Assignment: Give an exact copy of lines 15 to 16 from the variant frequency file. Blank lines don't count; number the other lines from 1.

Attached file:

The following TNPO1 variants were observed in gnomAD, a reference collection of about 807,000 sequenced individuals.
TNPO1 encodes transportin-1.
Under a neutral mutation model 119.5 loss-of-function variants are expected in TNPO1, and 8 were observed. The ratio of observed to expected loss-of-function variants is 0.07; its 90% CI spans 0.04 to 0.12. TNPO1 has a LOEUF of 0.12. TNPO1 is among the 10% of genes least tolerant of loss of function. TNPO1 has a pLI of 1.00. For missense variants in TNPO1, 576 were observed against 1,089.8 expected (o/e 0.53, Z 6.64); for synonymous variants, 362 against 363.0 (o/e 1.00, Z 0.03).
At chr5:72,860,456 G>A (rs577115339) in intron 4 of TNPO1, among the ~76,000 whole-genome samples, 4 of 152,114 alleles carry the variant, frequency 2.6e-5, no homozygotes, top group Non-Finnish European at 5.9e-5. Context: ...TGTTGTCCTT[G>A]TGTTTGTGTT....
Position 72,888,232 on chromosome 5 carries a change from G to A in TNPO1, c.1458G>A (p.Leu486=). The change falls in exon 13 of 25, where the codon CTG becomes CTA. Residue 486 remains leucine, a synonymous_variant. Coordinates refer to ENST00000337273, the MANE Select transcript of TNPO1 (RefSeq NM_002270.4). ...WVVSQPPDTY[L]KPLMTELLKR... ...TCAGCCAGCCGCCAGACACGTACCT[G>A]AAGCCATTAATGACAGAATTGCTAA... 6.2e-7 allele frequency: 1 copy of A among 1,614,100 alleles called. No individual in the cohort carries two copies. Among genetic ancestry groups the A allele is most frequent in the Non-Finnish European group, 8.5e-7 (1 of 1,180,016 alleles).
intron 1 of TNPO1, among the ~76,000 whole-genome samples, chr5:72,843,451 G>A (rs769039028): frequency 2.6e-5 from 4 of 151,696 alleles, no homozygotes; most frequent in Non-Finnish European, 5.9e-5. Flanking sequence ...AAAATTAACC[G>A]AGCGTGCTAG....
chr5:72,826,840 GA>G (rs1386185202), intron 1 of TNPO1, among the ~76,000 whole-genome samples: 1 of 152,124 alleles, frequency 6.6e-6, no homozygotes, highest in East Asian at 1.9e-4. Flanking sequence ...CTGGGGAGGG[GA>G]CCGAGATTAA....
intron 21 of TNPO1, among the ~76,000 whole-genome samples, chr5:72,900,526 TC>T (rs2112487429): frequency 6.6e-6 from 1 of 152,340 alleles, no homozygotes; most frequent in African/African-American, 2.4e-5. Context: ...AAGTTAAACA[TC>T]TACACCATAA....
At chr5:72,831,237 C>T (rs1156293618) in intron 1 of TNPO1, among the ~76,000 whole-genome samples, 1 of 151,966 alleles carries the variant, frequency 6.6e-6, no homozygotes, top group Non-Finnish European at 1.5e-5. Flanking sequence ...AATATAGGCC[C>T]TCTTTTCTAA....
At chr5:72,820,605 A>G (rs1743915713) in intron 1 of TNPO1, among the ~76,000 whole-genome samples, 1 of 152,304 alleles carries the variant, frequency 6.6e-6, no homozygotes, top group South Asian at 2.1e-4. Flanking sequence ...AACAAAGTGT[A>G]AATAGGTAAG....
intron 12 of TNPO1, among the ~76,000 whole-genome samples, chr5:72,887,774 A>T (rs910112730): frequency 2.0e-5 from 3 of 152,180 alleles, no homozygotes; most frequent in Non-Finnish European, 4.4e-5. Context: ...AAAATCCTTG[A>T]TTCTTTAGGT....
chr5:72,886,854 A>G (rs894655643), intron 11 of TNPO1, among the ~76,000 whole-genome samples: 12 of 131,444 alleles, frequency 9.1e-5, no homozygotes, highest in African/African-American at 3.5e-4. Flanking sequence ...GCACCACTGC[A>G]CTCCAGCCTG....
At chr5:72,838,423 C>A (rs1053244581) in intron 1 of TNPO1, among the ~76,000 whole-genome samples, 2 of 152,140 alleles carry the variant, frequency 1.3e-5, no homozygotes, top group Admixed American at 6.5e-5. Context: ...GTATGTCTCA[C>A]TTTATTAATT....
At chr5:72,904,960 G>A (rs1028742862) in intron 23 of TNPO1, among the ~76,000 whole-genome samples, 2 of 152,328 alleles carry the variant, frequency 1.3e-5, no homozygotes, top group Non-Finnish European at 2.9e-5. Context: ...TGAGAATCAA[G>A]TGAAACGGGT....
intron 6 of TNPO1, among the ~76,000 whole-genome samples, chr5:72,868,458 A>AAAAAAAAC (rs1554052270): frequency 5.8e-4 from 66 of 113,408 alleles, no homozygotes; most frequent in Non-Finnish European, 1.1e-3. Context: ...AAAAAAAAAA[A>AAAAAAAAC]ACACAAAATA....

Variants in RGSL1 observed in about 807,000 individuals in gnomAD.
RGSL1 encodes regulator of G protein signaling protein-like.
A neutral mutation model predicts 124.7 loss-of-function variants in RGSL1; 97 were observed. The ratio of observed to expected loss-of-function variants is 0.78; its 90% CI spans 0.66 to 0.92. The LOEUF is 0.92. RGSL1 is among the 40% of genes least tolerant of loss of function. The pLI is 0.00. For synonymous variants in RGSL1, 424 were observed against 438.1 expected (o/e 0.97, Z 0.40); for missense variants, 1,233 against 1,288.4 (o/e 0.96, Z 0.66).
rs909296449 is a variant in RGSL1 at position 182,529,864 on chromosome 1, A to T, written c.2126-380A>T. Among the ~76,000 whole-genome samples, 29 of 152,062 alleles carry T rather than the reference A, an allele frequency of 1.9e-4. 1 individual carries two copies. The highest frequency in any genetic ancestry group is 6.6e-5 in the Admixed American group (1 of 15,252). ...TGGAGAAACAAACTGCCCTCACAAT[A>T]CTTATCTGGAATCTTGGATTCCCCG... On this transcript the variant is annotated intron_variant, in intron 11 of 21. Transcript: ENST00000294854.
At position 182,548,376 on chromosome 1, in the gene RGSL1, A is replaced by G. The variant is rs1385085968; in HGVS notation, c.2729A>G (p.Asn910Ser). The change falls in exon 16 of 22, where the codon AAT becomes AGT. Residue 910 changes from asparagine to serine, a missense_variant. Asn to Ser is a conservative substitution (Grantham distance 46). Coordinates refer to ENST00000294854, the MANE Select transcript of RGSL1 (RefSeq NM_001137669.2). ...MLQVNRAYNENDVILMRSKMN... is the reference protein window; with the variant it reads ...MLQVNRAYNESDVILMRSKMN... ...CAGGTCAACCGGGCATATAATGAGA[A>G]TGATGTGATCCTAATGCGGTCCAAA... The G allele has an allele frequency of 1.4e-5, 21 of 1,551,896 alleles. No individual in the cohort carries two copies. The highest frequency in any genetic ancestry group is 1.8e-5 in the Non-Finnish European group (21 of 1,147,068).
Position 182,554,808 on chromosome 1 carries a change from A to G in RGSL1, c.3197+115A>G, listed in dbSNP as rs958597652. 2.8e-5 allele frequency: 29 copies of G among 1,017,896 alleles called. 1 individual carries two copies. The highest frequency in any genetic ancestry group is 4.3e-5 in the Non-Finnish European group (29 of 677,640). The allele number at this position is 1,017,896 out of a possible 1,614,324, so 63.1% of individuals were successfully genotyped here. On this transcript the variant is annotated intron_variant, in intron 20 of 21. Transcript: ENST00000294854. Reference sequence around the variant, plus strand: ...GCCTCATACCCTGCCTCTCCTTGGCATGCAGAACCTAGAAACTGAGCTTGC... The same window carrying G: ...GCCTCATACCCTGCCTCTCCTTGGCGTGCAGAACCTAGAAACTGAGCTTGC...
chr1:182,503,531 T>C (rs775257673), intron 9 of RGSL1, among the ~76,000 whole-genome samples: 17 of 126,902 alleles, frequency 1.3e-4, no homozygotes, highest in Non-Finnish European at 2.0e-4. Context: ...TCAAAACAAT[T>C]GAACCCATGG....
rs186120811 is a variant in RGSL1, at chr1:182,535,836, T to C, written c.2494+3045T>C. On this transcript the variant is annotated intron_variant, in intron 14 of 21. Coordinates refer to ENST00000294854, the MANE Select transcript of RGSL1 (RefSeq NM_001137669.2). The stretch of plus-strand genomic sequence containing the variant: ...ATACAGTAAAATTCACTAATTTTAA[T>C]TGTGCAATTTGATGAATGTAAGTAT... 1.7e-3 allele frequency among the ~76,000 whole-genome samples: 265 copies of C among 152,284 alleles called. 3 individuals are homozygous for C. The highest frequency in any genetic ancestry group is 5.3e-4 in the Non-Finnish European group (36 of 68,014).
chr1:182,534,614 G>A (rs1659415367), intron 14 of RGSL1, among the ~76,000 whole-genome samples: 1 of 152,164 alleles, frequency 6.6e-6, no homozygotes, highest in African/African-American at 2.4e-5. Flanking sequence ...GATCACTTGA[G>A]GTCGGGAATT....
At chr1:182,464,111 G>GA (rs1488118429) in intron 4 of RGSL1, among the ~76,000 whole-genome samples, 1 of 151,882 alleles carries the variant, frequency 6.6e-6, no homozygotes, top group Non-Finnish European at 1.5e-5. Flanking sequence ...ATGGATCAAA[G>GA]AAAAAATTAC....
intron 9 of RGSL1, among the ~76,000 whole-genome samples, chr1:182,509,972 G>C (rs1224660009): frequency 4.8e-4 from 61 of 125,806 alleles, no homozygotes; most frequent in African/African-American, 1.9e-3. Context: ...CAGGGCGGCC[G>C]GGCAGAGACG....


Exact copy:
intron 6 of TNPO1, among the ~76,000 whole-genome samples, chr5:72,868,458 A>AAAAAAAAC (rs1554052270): frequency 5.8e-4 from 66 of 113,408 alleles, no homozygotes; most frequent in Non-Finnish European, 1.1e-3. Context: ...AAAAAAAAAA[A>AAAAAAAAC]ACACAAAATA....

Variants in RGSL1 observed in about 807,000 individuals in gnomAD.